5 Nina Hill from The Bookish Life of Nina Hill by Abbi Waxman
4 Nell Ingram from Faith Hunter’s Souldwood series (if she talks about food primarily).
3 Stephanie Plum‘s Grandma Mazur from Janet Evanovich’s books.
2 Oberon from Kevin Hearne’s Iron Druid Chronicles/Oberon’s Meaty Mysteries
1 Ford Prefect from Douglas Adams’s The Hitchhiker’s Guide to the Galaxy Trilogy

Hi Five by Joe Ide: A Criminal for a Client, an Unreliable Witness, and a Larger Number than Usual that Want Him Dead. IQ has his work cut out for him.

Hi Five

Hi Five

Joe Ide
Series: IQ, #4

Hardcover, 339 pg.
Mulholland Books, 2020

Read: February 10-16, 2020

Grab a copy from your local indie bookstore!

Isaiah has tried to move on after the heartbreak of Wrecked, and has a new girlfriend. This is unfortunate for her—not because IQ is a bad boyfriend or anything—it’s just that when a low-life gun dealer needs Isaiah to investigate something for him, he threatens the poor girl to insure that Isaiah will do it.

What he needs Isaiah to do is clear his daughter of murder. She’s the only witness to the event, but can’t give the police (or our hero) much information about it, despite being in the same room as the murder. Why? Well (and this feels like spoiling something, but it’s on the book jacket), she has Dissociative Identity Disorder (DID)—what we used to call Multiple Personality Disorder—and given the stress and danger presented by a man being shot in her shop, Christina wasn’t “there” for most of what happened. Now, did her father bother mentioning this to Isaiah? Nope. but he thankfully figures that out fairly quickly. So now our intrepid investigator has to look into a murder with an eyewitness/prime suspect who didn’t see anything, and who can’t convince anyone who did see something to say something—and if he doesn’t succeed, someone he cares about will pay the penalty (and he assumes he’ll pay, too).

This is such a fantastic idea for a murder case—it could easily be a sloppily executed idea, but if someone does their homework and does a responsible job depicting DID, this is a wonderful fodder for drama. Please, if there are other examples of mystery writers doing this, fill up the comments with titles. I’d love to read other versions of this—and can’t believe that Ide’s the first to do this.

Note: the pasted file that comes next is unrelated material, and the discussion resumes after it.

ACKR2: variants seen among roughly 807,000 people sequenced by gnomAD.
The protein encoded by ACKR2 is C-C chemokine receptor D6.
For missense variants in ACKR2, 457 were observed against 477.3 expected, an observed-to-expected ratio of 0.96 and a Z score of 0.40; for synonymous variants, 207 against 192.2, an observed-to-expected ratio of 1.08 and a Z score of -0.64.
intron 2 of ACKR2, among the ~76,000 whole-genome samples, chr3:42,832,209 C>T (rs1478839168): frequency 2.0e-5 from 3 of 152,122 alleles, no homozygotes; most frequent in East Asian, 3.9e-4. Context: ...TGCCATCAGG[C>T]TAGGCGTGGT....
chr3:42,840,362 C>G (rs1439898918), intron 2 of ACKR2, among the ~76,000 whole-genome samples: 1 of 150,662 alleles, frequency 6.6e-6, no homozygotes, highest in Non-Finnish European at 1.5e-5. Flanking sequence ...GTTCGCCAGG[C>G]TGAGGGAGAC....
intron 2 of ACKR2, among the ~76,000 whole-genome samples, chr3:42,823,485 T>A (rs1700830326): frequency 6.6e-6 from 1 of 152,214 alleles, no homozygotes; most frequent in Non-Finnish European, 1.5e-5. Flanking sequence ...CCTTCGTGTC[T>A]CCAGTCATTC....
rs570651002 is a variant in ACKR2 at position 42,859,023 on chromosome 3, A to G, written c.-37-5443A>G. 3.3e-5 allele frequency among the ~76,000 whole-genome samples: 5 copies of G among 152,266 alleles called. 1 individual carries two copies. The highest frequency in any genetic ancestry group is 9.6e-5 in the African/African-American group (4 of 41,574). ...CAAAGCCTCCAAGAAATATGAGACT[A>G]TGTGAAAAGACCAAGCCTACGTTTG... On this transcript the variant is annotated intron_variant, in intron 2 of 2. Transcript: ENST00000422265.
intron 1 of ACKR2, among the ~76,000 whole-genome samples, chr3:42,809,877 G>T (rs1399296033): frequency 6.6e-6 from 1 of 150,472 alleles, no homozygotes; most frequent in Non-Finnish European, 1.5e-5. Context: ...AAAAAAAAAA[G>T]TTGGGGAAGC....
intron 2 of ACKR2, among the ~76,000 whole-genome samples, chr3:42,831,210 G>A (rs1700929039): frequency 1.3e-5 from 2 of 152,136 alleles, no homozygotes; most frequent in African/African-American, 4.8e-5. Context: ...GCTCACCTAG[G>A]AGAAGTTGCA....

Most authors would be content to fully develop this idea and run with it for the whole novel. But not Ide. In fact, as interesting as it is, the murder case is not the most interesting thing about Hi Five. I’m pretty sure that’s impressive. To take a concept like that and say, “well, sure, but what’s important is the trouble that Isaiah finds himself in because of the investigation.” That’s bad enough, but Isaiah has recently run afoul of a gang of white supremacists after gang violence has hit someone that Isaiah and Dodson (particularly Dodson) respect and admire.

Oh, and Grace is back.

Ide also finds a way to work in some lighter stories and even a little sweetness. And the book never feels crowded, and everything gets dealt with in the space it needs. Sure, I’d have preferred to spend more time dealing with Christina and her “alters,” but that’s a personal taste thing. I’m a sucker for a good DID story. But what Ide wanted to focus on justifies cutting that storyline some of the space I’d prefer it get.

The tension is high and Isaiah has never seemed more human and fallible (including when he was being waterboarded because of some foolish moves).

Some of the reviews I’ve read about this book seem to think that Ide’s wrapping up the series here. I can see why they’d say that, Hi Five could certainly serve as a fitting end to the series. but it seems to e that Ide has more he wants to say. The way he left things with Isaiah points to a triumphant return. Also, toward the end of the novel, something pretty significant happens to Deondra and I just don’t see Ide leaving things where he did and just walking away—the scene is extraneous unless he’s coming back to follow up on it. I hope I’m reading things right, but if I’m not, this is a solid way to go out.

This is not my favorite of the series, but it is so, so good, that it doesn’t bother me too much. It’s just a pleasure to be back in this prose, in this world, with most of these characters. A great mystery (with a better hook), some great character development, a client you can’t help but loathe—but a subject that you’ll pull for (and want to see more of). Hi Five is just one more proof that Joe Ide is one of the best writers in the genre right now. This is a decent entry to start with, but you’d be better off starting with IQ. But honestly, just grab the nearest book by Ide and enjoy.

4 Stars

2020 Library Love Challenge
This post contains an affiliate link. If you purchase from it, I will get a small commission at no additional cost to you. As always, opinions are my own.

Classic Spenser: The Godwulf Manuscript by Robert B. Parker

Classic Spenser

The Godwulf Manuscript

The Godwulf Manuscript

by Robert B. Parker
Series: Spenser, #1

Mass Market Paperback, 204 pg.
Dell, 1973

Read: January 25-27, 2020

Grab a copy from your local indie bookstore!

Driving back to Boston, I thought about my two retainers in the same week. Maybe I’d buy a yacht. On the other hand maybe it would be better to get the tear in my convertible roof fixed. The tape leaked.